Yes, it’s a major moment. Lets jump to a more promotional piece: your recent “Pipe That” video off the EP. Can you tell me about the creative process?
It was pretty easy. It wasn't too hard because we were quarantined, so everybody had to do their own stuff. You get over there and do you. I'm gonna get over here and do me, we’re going to put it all together and we're going to make something. It was such a fun song, so it was fun to create with Icona pop and the Soul Rebels and Tam, who is one of my dancers, but also one of my dance choreographers. It was just fun to do it. We had fun with it.
What was special or unique about the process of being separated? Did it kind of eliminate the back and forth, did it find itself more streamlined or were people more enthusiastic to contribute?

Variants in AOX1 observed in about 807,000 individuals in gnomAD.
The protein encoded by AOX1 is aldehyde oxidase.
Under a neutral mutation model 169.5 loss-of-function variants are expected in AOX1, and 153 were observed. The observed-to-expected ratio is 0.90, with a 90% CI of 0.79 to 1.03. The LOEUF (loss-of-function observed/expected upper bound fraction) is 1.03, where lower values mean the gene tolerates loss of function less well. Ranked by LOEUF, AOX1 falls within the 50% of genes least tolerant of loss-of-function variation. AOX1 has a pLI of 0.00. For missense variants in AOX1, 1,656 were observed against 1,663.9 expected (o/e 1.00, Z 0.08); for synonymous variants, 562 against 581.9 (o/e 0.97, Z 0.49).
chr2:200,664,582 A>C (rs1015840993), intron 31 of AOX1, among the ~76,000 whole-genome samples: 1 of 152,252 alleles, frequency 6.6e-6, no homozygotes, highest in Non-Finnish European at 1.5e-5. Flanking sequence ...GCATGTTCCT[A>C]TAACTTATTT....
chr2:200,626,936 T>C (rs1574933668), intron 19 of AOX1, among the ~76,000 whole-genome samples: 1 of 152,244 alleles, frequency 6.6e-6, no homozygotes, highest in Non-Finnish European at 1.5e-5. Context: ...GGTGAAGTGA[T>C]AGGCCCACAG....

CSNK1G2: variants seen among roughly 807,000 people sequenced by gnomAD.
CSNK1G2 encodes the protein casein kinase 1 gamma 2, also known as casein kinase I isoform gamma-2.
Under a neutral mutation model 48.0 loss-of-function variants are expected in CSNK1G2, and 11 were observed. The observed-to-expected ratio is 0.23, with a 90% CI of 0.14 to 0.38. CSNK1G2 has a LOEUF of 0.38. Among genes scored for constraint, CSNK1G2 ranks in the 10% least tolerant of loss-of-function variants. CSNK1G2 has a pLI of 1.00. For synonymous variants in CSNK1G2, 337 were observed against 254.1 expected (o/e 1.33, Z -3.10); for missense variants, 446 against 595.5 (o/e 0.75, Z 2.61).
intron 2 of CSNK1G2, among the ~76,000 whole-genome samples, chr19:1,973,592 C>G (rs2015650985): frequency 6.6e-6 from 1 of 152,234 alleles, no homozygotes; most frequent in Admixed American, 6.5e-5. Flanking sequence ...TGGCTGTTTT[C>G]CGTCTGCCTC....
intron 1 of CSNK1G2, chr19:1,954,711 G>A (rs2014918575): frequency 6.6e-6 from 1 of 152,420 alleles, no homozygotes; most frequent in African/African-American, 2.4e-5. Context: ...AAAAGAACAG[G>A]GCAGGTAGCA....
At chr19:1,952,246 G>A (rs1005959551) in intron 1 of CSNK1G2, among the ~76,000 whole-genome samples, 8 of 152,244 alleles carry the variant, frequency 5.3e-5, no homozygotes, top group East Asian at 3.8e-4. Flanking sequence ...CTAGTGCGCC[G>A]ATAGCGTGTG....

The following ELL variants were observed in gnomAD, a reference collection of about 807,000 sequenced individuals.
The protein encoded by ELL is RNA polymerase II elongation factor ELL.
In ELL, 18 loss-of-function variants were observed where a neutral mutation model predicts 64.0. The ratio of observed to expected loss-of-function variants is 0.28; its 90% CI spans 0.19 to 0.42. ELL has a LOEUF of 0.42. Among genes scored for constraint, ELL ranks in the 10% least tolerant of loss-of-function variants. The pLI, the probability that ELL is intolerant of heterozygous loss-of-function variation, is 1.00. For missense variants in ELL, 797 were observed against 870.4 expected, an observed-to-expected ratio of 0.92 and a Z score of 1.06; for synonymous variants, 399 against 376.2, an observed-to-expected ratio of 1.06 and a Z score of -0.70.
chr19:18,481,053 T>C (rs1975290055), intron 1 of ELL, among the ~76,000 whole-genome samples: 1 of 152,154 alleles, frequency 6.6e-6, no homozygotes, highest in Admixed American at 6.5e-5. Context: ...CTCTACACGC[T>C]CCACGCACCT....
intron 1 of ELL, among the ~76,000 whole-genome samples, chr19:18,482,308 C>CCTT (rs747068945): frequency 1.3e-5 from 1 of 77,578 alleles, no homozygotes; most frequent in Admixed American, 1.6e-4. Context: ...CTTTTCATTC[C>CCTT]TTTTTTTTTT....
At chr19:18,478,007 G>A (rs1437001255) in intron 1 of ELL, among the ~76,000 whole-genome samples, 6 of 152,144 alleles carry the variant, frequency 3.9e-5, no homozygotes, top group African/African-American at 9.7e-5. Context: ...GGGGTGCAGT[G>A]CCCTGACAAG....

It was unique, because we didn’t know what the hell the other person was going to do and we were just going to see it all when it was all put together. For me, being the artist, I was like ‘no I want this’, ‘I want that’, ‘I want this type of camera’, I was very particular and trying to make sure that my part was right, and I was really a little sad because all of this corona time happened when I dropped my new project and it just didn't get the full play or the full push that it would have got. The videos, just all the work I had put into the songs, the promotion hadn’t gotten to where it could have gone. For me, I was a little sad, but I was also happy, as we were still putting something together and putting something out. I would have loved the world to be open when I shot that.